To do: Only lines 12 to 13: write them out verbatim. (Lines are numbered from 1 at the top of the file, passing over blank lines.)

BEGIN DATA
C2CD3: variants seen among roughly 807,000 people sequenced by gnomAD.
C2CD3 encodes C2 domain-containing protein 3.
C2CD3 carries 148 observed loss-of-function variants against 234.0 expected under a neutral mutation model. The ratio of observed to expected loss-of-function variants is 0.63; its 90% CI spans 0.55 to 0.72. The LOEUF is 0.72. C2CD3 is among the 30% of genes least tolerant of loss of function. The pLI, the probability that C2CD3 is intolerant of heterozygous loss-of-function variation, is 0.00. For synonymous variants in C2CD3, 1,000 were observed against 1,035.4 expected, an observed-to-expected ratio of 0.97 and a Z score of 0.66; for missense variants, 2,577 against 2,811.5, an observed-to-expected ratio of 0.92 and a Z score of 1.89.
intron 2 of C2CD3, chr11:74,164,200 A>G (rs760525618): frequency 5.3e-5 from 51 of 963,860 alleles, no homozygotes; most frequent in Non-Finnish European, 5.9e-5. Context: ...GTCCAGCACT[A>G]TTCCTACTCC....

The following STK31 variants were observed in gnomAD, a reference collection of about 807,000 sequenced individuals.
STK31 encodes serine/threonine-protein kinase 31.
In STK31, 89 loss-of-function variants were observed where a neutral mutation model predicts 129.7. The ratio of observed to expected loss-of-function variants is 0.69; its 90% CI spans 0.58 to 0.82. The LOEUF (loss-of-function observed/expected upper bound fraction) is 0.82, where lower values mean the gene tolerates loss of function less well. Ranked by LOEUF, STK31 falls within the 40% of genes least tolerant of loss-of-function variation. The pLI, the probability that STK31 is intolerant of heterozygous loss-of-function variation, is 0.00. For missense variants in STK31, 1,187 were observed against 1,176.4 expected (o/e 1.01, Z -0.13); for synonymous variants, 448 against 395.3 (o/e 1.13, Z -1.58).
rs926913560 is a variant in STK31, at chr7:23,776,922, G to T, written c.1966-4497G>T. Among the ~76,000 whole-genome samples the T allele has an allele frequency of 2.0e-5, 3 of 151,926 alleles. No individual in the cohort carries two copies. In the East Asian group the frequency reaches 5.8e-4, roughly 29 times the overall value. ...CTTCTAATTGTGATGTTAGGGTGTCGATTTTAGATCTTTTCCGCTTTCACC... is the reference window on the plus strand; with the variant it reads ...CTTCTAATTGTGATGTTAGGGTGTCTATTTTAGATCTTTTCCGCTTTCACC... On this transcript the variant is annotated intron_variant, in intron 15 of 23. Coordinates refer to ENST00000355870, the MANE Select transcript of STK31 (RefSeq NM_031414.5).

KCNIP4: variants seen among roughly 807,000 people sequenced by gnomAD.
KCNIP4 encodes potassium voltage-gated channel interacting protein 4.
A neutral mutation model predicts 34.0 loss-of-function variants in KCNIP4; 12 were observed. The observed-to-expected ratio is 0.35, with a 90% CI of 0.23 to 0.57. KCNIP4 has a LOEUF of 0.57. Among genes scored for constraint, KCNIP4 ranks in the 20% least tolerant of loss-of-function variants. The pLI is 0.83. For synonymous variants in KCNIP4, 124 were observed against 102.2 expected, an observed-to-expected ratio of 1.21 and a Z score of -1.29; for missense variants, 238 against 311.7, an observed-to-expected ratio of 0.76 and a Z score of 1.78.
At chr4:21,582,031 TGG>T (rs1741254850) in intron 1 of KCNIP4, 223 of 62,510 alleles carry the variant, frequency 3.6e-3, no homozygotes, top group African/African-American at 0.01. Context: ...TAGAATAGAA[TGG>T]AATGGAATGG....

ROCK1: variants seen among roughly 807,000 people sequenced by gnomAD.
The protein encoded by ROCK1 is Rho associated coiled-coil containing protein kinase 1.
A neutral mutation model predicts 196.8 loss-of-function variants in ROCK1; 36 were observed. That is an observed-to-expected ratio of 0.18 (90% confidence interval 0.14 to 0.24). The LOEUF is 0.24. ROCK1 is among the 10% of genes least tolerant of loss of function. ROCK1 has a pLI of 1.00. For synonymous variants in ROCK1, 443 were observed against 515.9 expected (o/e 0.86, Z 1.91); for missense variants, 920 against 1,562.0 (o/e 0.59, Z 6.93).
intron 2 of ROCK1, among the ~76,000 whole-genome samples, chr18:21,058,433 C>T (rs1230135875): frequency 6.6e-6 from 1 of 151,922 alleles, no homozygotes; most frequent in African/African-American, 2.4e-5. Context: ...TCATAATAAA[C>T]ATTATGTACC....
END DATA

At chr4:21,582,031 TGG>T (rs1741254850) in intron 1 of KCNIP4, 223 of 62,510 alleles carry the variant, frequency 3.6e-3, no homozygotes, top group African/African-American at 0.01. Context: ...TAGAATAGAA[TGG>T]AATGGAATGG....

ROCK1: variants seen among roughly 807,000 people sequenced by gnomAD.